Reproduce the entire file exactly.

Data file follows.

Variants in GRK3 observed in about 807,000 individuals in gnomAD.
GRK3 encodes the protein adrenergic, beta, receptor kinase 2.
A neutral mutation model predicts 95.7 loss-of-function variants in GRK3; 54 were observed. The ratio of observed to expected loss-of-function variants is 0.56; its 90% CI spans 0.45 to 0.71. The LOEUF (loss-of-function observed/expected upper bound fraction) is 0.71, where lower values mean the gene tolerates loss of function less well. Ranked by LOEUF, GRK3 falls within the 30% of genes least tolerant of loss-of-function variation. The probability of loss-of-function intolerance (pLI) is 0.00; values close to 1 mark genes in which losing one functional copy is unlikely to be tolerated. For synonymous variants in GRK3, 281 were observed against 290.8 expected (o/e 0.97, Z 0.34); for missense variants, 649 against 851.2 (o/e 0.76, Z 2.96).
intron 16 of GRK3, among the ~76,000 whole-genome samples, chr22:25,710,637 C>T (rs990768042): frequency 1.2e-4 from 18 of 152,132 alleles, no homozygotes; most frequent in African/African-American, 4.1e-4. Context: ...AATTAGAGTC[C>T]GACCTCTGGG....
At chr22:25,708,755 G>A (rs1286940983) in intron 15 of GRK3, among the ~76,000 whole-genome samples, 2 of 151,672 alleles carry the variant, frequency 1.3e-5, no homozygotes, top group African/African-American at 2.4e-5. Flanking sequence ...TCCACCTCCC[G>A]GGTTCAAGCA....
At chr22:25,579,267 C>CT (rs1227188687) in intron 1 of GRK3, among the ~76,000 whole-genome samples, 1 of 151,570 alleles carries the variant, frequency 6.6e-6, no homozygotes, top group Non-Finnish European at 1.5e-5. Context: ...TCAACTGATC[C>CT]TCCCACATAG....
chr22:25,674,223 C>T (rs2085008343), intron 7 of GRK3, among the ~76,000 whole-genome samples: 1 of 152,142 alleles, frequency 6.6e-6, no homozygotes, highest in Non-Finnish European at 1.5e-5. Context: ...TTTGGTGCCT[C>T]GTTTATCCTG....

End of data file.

Variants in GRK3 observed in about 807,000 individuals in gnomAD.
GRK3 encodes the protein adrenergic, beta, receptor kinase 2.
A neutral mutation model predicts 95.7 loss-of-function variants in GRK3; 54 were observed. The ratio of observed to expected loss-of-function variants is 0.56; its 90% CI spans 0.45 to 0.71. The LOEUF (loss-of-function observed/expected upper bound fraction) is 0.71, where lower values mean the gene tolerates loss of function less well. Ranked by LOEUF, GRK3 falls within the 30% of genes least tolerant of loss-of-function variation. The probability of loss-of-function intolerance (pLI) is 0.00; values close to 1 mark genes in which losing one functional copy is unlikely to be tolerated. For synonymous variants in GRK3, 281 were observed against 290.8 expected (o/e 0.97, Z 0.34); for missense variants, 649 against 851.2 (o/e 0.76, Z 2.96).
intron 16 of GRK3, among the ~76,000 whole-genome samples, chr22:25,710,637 C>T (rs990768042): frequency 1.2e-4 from 18 of 152,132 alleles, no homozygotes; most frequent in African/African-American, 4.1e-4. Context: ...AATTAGAGTC[C>T]GACCTCTGGG....
At chr22:25,708,755 G>A (rs1286940983) in intron 15 of GRK3, among the ~76,000 whole-genome samples, 2 of 151,672 alleles carry the variant, frequency 1.3e-5, no homozygotes, top group African/African-American at 2.4e-5. Flanking sequence ...TCCACCTCCC[G>A]GGTTCAAGCA....
At chr22:25,579,267 C>CT (rs1227188687) in intron 1 of GRK3, among the ~76,000 whole-genome samples, 1 of 151,570 alleles carries the variant, frequency 6.6e-6, no homozygotes, top group Non-Finnish European at 1.5e-5. Context: ...TCAACTGATC[C>CT]TCCCACATAG....
chr22:25,674,223 C>T (rs2085008343), intron 7 of GRK3, among the ~76,000 whole-genome samples: 1 of 152,142 alleles, frequency 6.6e-6, no homozygotes, highest in Non-Finnish European at 1.5e-5. Context: ...TTTGGTGCCT[C>T]GTTTATCCTG....